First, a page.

A new Rand Education study called "Revitalizing Arts Education Through Community-Wide Coordination" offers some concrete pathways for public school districts to maintain arts classes in these days of financial drought.
Released in June 2008, the study advises school districts to collaborate with a variety of community arts and cultural organizations as a means of pursuing fundraising for arts education in their city, county, or region.
The study was commissioned by the Wallace Foundation and conducted by researchers at Rand Education, a division of the Rand Corporation, headquartered in Santa Monica, California.
"We believe that every child -- and our broader society -- benefits from high-quality arts learning and that arts education deserves a secure place in our communities," notes Edward Pauly, director of research and evaluation at the Wallace Foundation. "Arts learning can enhance a child's ability to 'learn how to learn'; it can develop skills of persistence and teamwork; it can enhance the school experience for students, sustaining their interest and enthusiasm for learning; and it can nurture empathy and foster imagination through experiences that the arts uniquely provide."
The authors studied collaborative arts-education efforts in six urban communities -- Boston, Chicago, Dallas, Los Angeles, New York City, and northern California's Alameda County -- reporting that each has experienced varying degrees of progress in boosting funding and expanding arts learning for children in and outside of public schools.
Even in the best of times, funding for arts education can fall short, according to Catherine Augustine, a researcher based in Rand's Pittsburgh office and one of the study's three authors. But as many districts face severe budget cuts in 2009, she says, now, more than ever, schools "can't expect new money for the arts. Districts are likely to continue to struggle."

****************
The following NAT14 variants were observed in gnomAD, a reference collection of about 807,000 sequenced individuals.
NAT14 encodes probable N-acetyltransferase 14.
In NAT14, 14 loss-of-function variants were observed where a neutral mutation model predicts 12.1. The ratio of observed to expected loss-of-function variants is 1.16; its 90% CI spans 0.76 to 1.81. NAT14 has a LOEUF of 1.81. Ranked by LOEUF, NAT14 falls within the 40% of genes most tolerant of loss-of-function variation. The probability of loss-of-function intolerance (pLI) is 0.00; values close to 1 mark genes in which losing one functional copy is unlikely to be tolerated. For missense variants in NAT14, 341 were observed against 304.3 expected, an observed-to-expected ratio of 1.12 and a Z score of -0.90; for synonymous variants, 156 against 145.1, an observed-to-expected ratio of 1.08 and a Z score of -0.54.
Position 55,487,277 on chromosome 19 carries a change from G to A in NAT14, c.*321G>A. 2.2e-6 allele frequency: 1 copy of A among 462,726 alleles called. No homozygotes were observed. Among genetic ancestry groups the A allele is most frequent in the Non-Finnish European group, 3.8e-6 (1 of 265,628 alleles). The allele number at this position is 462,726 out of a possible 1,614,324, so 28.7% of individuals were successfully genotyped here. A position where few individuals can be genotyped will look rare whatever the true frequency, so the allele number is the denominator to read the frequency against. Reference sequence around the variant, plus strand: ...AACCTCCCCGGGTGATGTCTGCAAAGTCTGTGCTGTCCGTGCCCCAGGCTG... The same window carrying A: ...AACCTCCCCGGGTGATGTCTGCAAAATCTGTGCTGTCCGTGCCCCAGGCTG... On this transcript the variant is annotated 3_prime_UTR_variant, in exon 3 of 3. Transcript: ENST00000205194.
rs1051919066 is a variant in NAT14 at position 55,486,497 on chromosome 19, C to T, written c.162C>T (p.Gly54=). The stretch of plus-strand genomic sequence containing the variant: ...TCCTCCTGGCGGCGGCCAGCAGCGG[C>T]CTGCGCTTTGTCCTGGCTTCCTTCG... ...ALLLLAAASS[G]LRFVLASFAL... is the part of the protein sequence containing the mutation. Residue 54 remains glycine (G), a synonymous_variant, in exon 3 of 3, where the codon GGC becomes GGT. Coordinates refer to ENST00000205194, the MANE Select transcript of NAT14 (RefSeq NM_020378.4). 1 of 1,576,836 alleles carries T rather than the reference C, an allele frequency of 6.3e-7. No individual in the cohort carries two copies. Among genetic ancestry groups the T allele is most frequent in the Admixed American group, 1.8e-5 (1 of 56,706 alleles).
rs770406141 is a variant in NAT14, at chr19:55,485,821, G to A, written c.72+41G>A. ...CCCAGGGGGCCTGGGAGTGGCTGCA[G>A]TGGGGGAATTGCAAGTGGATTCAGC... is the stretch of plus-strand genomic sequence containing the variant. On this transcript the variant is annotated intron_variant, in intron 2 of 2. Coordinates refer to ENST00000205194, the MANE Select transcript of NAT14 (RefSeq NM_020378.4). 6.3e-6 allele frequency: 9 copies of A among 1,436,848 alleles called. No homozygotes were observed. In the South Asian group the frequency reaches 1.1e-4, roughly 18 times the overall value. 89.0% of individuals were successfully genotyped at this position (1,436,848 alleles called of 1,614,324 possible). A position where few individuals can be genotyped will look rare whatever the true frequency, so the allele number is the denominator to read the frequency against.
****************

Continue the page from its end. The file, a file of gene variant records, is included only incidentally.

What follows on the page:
Budgetary woes are not the only problem arts supporters face. Schools, Augustine says, are "directly affected by mandates from their districts and states." Often, she adds, those mandates "require them to focus on English, language arts, and math, and in some states science." Although Augustine is supportive of all fields of study, she points out that this emphasis means that people trying to increase the time schools devote to arts education "face an uphill battle."
Recipe for Success
On a positive note, Rand Education researcher Catherine Augustine says that there are a number of lessons from communities that have created successful, if fledgling, collaborative approaches to boosting arts education that can be replicated nationwide:
- Stable, committed leadership is crucial to thriving arts programs, as is appointing leaders the communities consider "legitimate." Rand researchers note that the leaders do not need to come from within a school district and, in fact, Augustine says that so far three of the most advanced coalition leaders are located outside their school districts. They are affiliated with county arts organizations, a county office of education, and a nongovernment community organization. However, she adds, all have a background in arts education or a deep knowledge of the arts, are able fundraisers, and are "fence menders able to build communication among disparate groups."
- Fundraising is a critical component of these collaborations. According to Augustine, successful communities were able to attract funding from national philanthropies such as the Ford and Wallace foundations. "They put time and energy into fundraising and then directed the monies to arts education, both in terms of actual programs and coordination work," she says.
- Auditing the extent of and access to a community's arts education, particularly at the beginning of the process, is a key to determining whether all students have access. She notes that the results of these audits -- which all the communities in the study conducted -- have proven to be "a powerful message when attempting to raise money." Audits also create a baseline of data to both develop strategies and push for improvements.
- Arts advocates need to make the case. Preferably, these are people in the district who have the authority to sit at the table when budgets are discussed. In Chicago, for example, the foundation community has agreed to provide half the funding through 2011 for an arts chief, who is on a level commensurate with the district's math and literacy chiefs.
-- Excerpted from "Revitalizing Arts Education Through Community-Wide Coordination"